Tailored messaging

Your customers’ needs should guide your messaging as you adapt. Despite being almost two years in, the dust has not yet settled, with states going into and out of lockdowns, and many people still suffering from industry shutdowns and lost work. As a result of decreased discretionary spending, targeting the right person at the right time is more important than ever. 

Retailers need to ensure they have a deep understanding of their target market and what they are experiencing as a result of the pandemic. Brand building activity should boost morale with content that’s empathetic, relevant and authentic. 

Building trust 

Consumer research has revealed: 

  • 56% of shoppers are more likely to buy from retailers that behaved well during the pandemic
  • 43% of consumers believe levels of trust increased when brands did not ‘take advantage’ of the crisis​

Maintaining or building trust during this time is critical. Don’t take advantage of the crisis, and if you make a pledge during uncertain times, make sure you’re able to deliver on what you promise. 

To build and maintain trust, brands should: 

  • Be empathetic – when crisis first hits ​
  • Help others selflessly – when the impact is known​
  • Be relevant – with offers once the dust has settled​
  • Keep your customers updated - throughout any and all changes ​
  • Be authentic - all the time!

In response to COVID, Bunnings swiftly updated content across their website with positive, COVID-associated messaging resulting in them being voted Australia’s most trusted brand at the height of the pandemic.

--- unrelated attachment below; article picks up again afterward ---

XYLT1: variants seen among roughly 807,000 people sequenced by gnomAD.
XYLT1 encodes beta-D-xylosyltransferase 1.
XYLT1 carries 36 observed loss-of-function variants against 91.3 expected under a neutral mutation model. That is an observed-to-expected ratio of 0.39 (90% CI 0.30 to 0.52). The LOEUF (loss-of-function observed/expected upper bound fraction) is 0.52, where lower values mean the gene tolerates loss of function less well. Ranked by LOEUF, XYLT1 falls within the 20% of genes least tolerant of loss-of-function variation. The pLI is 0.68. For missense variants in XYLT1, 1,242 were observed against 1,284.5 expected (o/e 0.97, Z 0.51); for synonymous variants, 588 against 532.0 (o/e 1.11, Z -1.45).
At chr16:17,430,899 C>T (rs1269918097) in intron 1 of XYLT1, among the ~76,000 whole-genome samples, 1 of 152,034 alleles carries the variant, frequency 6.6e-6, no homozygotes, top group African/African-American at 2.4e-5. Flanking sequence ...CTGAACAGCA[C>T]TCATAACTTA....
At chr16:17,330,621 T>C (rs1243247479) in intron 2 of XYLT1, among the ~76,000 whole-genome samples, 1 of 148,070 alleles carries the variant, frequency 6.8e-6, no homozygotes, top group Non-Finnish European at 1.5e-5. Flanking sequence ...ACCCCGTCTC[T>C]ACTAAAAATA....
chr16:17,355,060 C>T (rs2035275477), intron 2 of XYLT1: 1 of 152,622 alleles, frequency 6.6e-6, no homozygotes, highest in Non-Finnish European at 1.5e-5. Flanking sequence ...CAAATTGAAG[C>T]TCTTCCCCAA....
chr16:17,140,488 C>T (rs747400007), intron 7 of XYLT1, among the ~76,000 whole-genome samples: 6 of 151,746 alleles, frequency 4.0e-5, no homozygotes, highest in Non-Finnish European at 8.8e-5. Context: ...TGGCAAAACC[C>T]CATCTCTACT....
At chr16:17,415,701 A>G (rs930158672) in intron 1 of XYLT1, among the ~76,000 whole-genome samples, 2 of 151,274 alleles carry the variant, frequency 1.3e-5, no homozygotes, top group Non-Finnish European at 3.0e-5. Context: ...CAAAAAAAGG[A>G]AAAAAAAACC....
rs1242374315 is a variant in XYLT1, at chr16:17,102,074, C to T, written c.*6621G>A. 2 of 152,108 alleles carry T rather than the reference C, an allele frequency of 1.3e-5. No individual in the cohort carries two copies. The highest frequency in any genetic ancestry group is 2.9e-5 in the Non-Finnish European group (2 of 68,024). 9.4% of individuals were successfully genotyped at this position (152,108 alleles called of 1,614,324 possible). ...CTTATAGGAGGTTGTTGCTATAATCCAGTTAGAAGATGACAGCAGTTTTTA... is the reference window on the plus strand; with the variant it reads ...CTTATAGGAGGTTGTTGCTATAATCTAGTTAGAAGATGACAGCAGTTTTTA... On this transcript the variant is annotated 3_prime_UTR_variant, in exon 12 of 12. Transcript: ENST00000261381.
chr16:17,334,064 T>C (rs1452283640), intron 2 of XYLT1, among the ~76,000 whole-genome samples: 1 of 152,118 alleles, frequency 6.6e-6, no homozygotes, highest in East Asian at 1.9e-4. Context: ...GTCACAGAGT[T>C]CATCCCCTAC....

Social proof

Social proof has long been a powerful method of building brand credibility, but the data shows us that customer reviews are now even more important. Online ratings and reviews saw a huge increase during core pandemic months, with:

  • The volume of ratings and reviews growing by 40% to 80% 
  • Small changes to ratings driving sales growth of 30% to 200% depending on the category
  • Consumer product review engagement growing up to 104% MoM from February to March 2020

During the COVID-19 era, consumers are seeking greater validation for their purchases, most likely because the crisis has forced many to buy certain products online that they’ve never purchased before. With consumers shopping less in person, shoppers are relying even more on online reviews and word-of-mouth feedback on brands and products. A review strategy is essential.

2. Capturing online opportunity 

It’s not a coincidence that some of the world's biggest companies were founded during the GFC, including Uber, Airbnb, Dropbox and Slack. Through adversity, there is always opportunity. The pandemic has given retailers the opportunity to evaluate how they manage and market their business. To adapt and overcome, the message is: change your approach, not your vision. 

More people are shopping online than ever before. And while initially the uptick may have been driven by COVID-19, the impact on consumer behaviour is likely to be permanent. A June 2021 survey found that consumer changes are sticking, with 50% of consumers surveyed saying they’ve become more digital, shopping via smartphone continuing to climb steeply, and more people buying online at least once a day.